We could feel the “buts” coming. “He’s so smart . . . he’s so curious . . . he loves to play . . . “ The praise came without the easy, relaxed enthusiasm we were used to from all previous parent-teacher conferences. I could see the tension pulling behind the gracious smiles.
As much as our daughters test our limits and actively don’t listen to us at home, they have always coasted through every school setting since infancy. The extent of “behavior problem” was a little too much chit-chat with a friend during story time. We have never felt nervous about a parent-teacher conference, no concerns to anticipate, just a nice interaction with the adults who spend the day with them, feeling all warm and proud about what great kids we have.
Then the preschool parent-teacher conference for our son happened. We knew it was going to be a tougher conversation than we were used to, but I was not prepared for how I felt as the mother hearing my preschooler son talked about this way. I have a lot of empathy for teachers – spending all day, every day with a room full of kids of any age deserves compassion.
But when they tell me (or at least, I hear) that my child is the problem child, my compassion and empathy turned to my son.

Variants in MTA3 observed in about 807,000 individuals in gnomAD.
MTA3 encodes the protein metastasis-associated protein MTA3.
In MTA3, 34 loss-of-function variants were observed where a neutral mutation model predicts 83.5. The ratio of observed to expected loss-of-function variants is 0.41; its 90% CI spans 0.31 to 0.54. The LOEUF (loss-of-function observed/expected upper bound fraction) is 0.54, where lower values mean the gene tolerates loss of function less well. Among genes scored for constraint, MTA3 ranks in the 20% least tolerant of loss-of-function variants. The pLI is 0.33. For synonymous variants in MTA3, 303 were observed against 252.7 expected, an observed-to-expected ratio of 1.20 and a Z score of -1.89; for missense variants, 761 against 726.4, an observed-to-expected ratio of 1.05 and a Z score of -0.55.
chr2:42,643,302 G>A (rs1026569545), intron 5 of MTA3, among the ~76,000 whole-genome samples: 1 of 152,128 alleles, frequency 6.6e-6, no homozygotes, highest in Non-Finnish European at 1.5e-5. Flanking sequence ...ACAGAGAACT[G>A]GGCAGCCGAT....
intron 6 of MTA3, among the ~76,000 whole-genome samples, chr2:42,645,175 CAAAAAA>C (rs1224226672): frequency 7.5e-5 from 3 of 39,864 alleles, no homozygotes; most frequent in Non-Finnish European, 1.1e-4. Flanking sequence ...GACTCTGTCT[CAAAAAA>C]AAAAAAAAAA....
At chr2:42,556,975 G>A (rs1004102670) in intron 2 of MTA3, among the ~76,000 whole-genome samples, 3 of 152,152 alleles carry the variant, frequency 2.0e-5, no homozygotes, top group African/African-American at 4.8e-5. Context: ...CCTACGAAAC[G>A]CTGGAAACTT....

“He doesn’t listen.”
“He’s rough on the playground.”
“He can’t be allowed to play with his friend because they are so tough together.”
“He just won’t listen.” (They said that a lot.)
We have struggled with naptime at school for several months. He hasn’t napped at home for a year. The school is not equipped for him to not take a nap, because he won’t lie quietly on his cot while the others sleep. I get it, but this has turned into a power struggle that seems to be having repercussions for the teachers, and for him.
My son cries some mornings about going to school, and says his teachers are “mad” at him. He is 3, and he always appears happy and to be having fun when we pick him up, so we don’t completely take him at his word. But as I listened to the teachers give example after example of their difficulties with him, I realized he is feeling this feedback deeply in his 3-year-old emotional brain.